Adhatoda (Justicia)—

A neat-looking class of plants of stately upright habit, bearing large erect heads of flowers of various colours. Easily cultivated. Propagated by cuttings. Carnea— flesh-coloured flowers. Calycotricha—yellow flowers.

Agathaea (Blue Marguerite)—

Compact-growing plant, bearing blue flowers, with yellow eyes, in form like a daisy. A perennial. Grown from division of the roots.

Auriculas —

Spring-flowering plants. Growing easily from seed and the division of the roots. As soon as they are out of flower plant them in a cool shaded place, watering them a little at first, then leaving them until the beds are made up again in July or August, when they are taken back to bloom once more in September.

Astilbes (Spiraea Japonica) —

Small plants with pretty foliage and bunches of cream-white blossoms, lasting several months. Showy pot plants. Propagated by division of the roots. A. japonica variegata has leaves prettily variegated with yellow and green. A. rubra has thick bunches of rose-coloured flowers.

Antirrhinum (Snap Dragon)—

Well-known plants; very hardy; flowering profusely; of all colours and shades. Easily grown from seeds or cuttings. Perennial. The best plants are from seed sown annually. Fine pot plants can be made of them. Pot in October when the plants make two or three strong shoots from the base. Drain the pots well, placing moss on the drainage to prevent the soil choking it up. The soil should be good sandy loam. Take the plants up carefully without breaking the roots. After planting give a good watering, and keep shaded until established. Should any of the plants produce one or two strong shoots these ought to be stopped to cause them to produce more. Every plant would be the better for having four or five shoots for blooms. Cut off any weak ones. Keep well supplied with water, and when the pots are filled with roots supply them with weak liquid manure. When well grown, place the pots in some sheltered place in the open air where they will not get too much wind. Must be kept from heavy rains.

Begonia, Fine-leaved or Variegated-

Remarkable for their singular-shaped and beautifully-marked leaves. Are stove or greenhouse plants. Many do well in pots on the verandah in the summer months ; flower at all times during the year. Cuttings can be taken from the tops, cutting them about two inches long, just below a joint; cut off the lower leaves, and insert in small pots. The best soil is turfy loam, sandy peat, and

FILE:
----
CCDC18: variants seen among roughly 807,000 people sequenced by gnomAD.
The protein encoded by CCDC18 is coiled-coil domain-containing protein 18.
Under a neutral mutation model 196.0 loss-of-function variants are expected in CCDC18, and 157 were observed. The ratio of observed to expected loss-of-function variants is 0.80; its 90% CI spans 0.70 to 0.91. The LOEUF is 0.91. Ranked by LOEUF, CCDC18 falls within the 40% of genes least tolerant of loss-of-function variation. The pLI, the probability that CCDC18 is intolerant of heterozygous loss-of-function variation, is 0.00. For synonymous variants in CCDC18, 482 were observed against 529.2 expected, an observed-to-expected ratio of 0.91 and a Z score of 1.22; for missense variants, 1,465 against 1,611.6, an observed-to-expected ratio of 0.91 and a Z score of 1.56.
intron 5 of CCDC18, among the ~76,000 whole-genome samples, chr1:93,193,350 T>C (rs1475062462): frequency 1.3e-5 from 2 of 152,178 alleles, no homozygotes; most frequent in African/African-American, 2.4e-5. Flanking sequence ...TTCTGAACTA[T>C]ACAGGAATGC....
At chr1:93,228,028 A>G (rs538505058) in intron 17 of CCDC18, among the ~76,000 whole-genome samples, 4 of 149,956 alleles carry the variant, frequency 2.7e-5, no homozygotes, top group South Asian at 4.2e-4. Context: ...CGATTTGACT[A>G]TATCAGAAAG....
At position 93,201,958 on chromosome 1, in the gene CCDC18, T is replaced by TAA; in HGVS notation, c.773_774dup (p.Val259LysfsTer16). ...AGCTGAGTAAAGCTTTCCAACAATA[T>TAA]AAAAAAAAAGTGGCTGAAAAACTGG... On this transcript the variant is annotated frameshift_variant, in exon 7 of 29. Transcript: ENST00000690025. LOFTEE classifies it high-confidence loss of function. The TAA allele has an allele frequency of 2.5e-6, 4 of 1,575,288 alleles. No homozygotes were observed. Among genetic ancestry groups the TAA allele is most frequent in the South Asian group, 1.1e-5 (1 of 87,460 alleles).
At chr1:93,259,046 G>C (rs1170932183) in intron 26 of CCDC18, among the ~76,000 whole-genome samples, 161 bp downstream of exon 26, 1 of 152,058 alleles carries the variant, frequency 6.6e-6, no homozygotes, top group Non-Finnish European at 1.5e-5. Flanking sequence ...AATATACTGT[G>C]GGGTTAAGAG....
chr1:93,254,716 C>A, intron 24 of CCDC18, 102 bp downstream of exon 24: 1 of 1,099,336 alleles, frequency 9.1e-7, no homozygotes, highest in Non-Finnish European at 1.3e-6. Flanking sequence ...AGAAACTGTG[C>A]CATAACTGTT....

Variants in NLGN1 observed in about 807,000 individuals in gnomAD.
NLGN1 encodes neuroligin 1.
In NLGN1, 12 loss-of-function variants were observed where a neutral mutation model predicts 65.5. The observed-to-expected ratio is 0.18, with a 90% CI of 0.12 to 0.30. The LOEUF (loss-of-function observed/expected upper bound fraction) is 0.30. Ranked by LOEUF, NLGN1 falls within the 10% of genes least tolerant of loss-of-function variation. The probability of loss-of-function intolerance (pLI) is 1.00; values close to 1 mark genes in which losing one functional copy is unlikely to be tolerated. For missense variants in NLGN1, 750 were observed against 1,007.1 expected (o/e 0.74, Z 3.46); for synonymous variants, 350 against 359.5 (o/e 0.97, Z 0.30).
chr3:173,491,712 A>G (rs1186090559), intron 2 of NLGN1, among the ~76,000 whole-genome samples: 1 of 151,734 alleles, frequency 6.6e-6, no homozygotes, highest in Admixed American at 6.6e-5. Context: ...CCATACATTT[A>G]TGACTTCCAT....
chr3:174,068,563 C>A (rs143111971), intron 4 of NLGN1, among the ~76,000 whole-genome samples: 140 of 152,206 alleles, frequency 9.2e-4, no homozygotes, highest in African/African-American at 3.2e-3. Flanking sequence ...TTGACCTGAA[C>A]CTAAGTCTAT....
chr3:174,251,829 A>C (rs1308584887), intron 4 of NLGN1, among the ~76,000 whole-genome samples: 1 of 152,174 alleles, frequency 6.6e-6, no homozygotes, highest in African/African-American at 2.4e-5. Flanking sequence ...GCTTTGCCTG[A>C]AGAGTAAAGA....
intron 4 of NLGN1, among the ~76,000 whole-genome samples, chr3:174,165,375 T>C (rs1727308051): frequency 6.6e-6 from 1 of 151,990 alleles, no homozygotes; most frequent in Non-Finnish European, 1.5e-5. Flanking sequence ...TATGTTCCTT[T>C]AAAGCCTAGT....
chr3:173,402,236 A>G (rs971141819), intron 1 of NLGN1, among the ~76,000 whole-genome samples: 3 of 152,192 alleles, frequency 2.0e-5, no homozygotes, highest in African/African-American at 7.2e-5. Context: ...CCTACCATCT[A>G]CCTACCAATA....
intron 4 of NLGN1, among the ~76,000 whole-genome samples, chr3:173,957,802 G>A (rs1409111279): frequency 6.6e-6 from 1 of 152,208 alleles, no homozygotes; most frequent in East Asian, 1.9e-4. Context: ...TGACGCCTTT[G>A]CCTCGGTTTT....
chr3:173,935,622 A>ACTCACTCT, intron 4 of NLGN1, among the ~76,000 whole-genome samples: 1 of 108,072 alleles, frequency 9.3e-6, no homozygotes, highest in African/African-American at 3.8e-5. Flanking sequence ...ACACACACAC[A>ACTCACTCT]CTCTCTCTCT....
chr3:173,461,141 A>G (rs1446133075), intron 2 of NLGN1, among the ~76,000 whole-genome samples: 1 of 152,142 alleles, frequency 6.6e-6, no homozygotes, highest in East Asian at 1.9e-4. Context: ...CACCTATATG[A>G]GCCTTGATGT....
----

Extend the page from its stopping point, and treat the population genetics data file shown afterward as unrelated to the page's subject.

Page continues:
E

leaf mould well mixed; drain pots well with broken crocks, covering with moss, and filling up with the soil to within an inch of the top, the remaining space fill with pure silver sand ; give a gentle watering to settle firmly ; they are now ready for the cuttings. Some kinds will grow from the leaves ; the leaf-stalk just inserted in the sand and pegged down, the young shoot will soon spring up from the crown of the leaf. When rooted, pot off singly in small pots, and place them near the light, giving the necessary quantity of water ; keep them growing until they need repotting. 12-inch pots will suffice for fine specimens in the summer months, when they are growing vigorously. Give plenty of water and shade to bring out their beautiful markings. As the pots get filled with roots, give manure water once or twice a week. In winter they should have only sufficient water to keep them from flagging, letting them rest until time to repot, them. In August have clean pots ready for them. Drain them well as described for cuttings, prune, and tie them out so as to form bushy plants, washing stem and leaf with a sponge to clear off dust or insects ; give a gentle watering and return to the greenhouse. A few of the best are :—B. alba coccinea—white and scarlet, East Indies. B. argyrostigma—silver spotted, Brazil. B. cumabarina—vermilion coloured, Bolivia. B. fuchsioides —fuchsia-like, New Guinea. B. nitida—shining-leaved, Jamaica.

Begonia (Tuberous-rooted)—

Are remarkable for their beautiful flowers, red, pink, scarlet, yellow, and white. Can be increased readily by seed. Gather the seed as soon as it is ripe, sow immediately in pots filled with sandy loam, sifting a little very fine to cover the surface ; press it down and scatter seed upon it, and over the seed put the thinnest possible covering of the finest sifted soil, watering the soil with a fine rosed watering pot, and place the pots in heat. The